There are displays of some of the archaeological finds at The Rose although most are in storage at the Museum of London.
Work is continuing to excavate this historic site and develop a heritage project designed to bring The Rose back to life. This will take many years but in the meantime take a trip to this wonderful venue to see a play.
Walk along the viewing platform from which red rope lights indicate the site plan of the original playhouse, its pit and two stages.
Become an online adventurer and watch the Lost Valley of London’s film about The Rose Theatre or head out around the streets on London’s Southbank to discover the underbelly of Shakespeare’s London.
This is my favourite area of the capital with its alleyways, nooks and crannies, bursting with history.
There are clues to the area’s Elizabethan past in many of its street names.
Start your walk from The Rose on 56 Park Street, and head down the back streets to an alleyway called Bear Gardens.
This was once the site of the bear and bull-baiting ring in Tudor times and crowds would have thronged here.
At the top of the alley look out for the Ferryman’s Seat which is almost hidden in a recess in the wall.
When playhouses were built on the London’s Southbank, there is a boom in demand for transport for theatre goers travelling across the Thames.
This is the seat where the ferrymen would sit in between transporting Elizabethan audiences to and forth in small boats to enjoy performances at the new theatres on the Southbank.
3. The Globe Theatre – London
The best known Shakespeare site on London’s Southbank is The Globe Theatre. The original playhouse was built by the Lord Chamberlain’s Men. This acting troupe performed many of Shakespeare’s works and William Shakespeare was himself a shareholder in the company.
It was named The Globe because it was the place where the audience could see “all the world” on the stage.
This was reflected in the flag flying over the theatre featuring the figure of Hercules carrying a Globe on his shoulders to announce the first performance, Julius Caesar, in 1599. It bore the motto – “the whole world is a playhouse”.
Disaster struck in 1613 when The Globe burned down following a performance of Shakespeare’s Henry VIII when the firing of stage cannons set fire to the thatch. It took only an hour for the theatre to be destroyed completely.
A new Globe was built on the foundations of the first during the following year, this time with a tiled rather than a thatched roof!
But the Globe’s golden age was to come to an end in the 1640s when the Puritans closed down many London theatres. In 1644 the Globe was pulled down to make way for tenements and it was to disappear from view for nearly 350 years.
Today’s Globe is the third version of the theatre. The famous American actor and director Sam Wanamaker spearheaded a campaign to rebuild The Globe in the 1970s.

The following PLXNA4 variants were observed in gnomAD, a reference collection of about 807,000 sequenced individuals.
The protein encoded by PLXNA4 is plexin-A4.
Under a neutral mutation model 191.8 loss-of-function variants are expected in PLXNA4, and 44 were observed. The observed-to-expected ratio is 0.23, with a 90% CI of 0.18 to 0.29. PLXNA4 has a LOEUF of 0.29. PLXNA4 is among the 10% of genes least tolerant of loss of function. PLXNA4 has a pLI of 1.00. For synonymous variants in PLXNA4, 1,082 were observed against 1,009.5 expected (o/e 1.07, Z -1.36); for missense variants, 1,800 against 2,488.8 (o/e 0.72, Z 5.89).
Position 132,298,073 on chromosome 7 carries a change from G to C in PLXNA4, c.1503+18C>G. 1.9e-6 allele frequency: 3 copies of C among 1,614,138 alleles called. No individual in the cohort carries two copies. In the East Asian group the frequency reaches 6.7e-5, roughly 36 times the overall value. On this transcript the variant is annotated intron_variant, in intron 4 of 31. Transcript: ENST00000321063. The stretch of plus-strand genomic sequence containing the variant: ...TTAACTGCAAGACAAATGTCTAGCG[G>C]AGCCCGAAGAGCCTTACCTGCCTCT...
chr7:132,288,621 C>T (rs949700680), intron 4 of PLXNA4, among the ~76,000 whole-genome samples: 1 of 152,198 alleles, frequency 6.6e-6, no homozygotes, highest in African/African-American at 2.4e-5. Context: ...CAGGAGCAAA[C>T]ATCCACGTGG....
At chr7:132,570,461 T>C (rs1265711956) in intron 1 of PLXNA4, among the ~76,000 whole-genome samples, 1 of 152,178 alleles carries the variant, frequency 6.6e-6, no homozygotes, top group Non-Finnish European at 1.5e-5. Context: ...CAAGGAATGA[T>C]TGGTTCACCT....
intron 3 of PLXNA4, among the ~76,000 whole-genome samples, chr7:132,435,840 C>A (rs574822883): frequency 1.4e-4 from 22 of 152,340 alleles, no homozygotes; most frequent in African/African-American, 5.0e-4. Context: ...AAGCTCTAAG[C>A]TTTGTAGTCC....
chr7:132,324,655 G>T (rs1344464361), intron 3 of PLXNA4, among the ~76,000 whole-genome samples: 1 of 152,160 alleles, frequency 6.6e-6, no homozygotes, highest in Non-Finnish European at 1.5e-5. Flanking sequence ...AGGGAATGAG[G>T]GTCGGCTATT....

It took more than 20 years to raise the money and reconstruct the Globe. Wanamaker died in 1993, while the building was still under construction, but his legacy lives on.
Although today’s Globe is a reconstruction of the original playhouse, it provides a great example of what the theatre would have looked like. Take the guided tour, drop in to the museum or, better still, grab tickets for one of the Shakespeare productions on the main stage.
The modern Globe opened its doors in 1997, and is located about 230 metres from the site of the original theatre.
Why not take a walk and discover the original site of The Globe?
Historic records reveal that it was located on a plot of land in the vicinity of Park Street and Anchor Terrace in Southwark. Today, you can walk to this spot which is a stone’s throw from the current Rose Theatre and the Tate Modern.
There’s nothing much to see on the ground except a memorial and historical information boards, but it’s fun to imagine how this area would have looked 400 years ago.
4. St Mary Aldermanbury – City of London
London boasts many Shakespeare monuments but my favourite lies in quiet corner of the City in St Mary’s Aldermanbury Churchyard on Love Lane.
The memorial celebrates both Shakespeare, resplendent on top of a plinth, and his friend, the Elizabethan actor, John Heminge.
John Heminge published the world-famous First Folio of Shakespeare’s works with Henry Condell in 1623, seven years after the Bard’s death. Without it, 18 Shakespeare plays, including Macbeth and The Tempest, could have been lost forever.
If you want to see the First Folio for yourself, take a trip to the British Library where it is now on public view.
If you’re feeling fit, walk from here over London Bridge to Southwark Cathedral on the Southbank where you can take in another famous Shakespeare memorial.
5. Southwark Cathedral – London
Southwark Cathedral lies on the south bank of the river Thames close to London Bridge. Also known as the The Cathedral and Collegiate Church of St Saviour and St Mary Overie, it is rich in Shakespeare associations.
The cathedral’s fascinating collection of monuments and tombs includes the Shakespeare Memorial which commemorates William Shakespeare’s life in Southwark. At the base of the memorial there is an alabaster statue representing Shakespeare reclining and holding a quill.
The famous Elizabethan actor Edward Alleyne, who played in Shakespeare’s theatrical troupe, is also buried in the cathedral as is The Bard’s brother, Edmund Shakespeare. Look out for the plain stone bearing Edmund’s name, located on the floor in the central aisle..
Edmund Shakespeare was 27- years-old when he died in 1607. It is thought that Edmund was a theatrical player like his elder brother, but he was probably a minor actor or apprentice.
Nearby look out for the famous Shakespeare stained glass windows which contain characters from the Bard’s plays. See how many you can spot.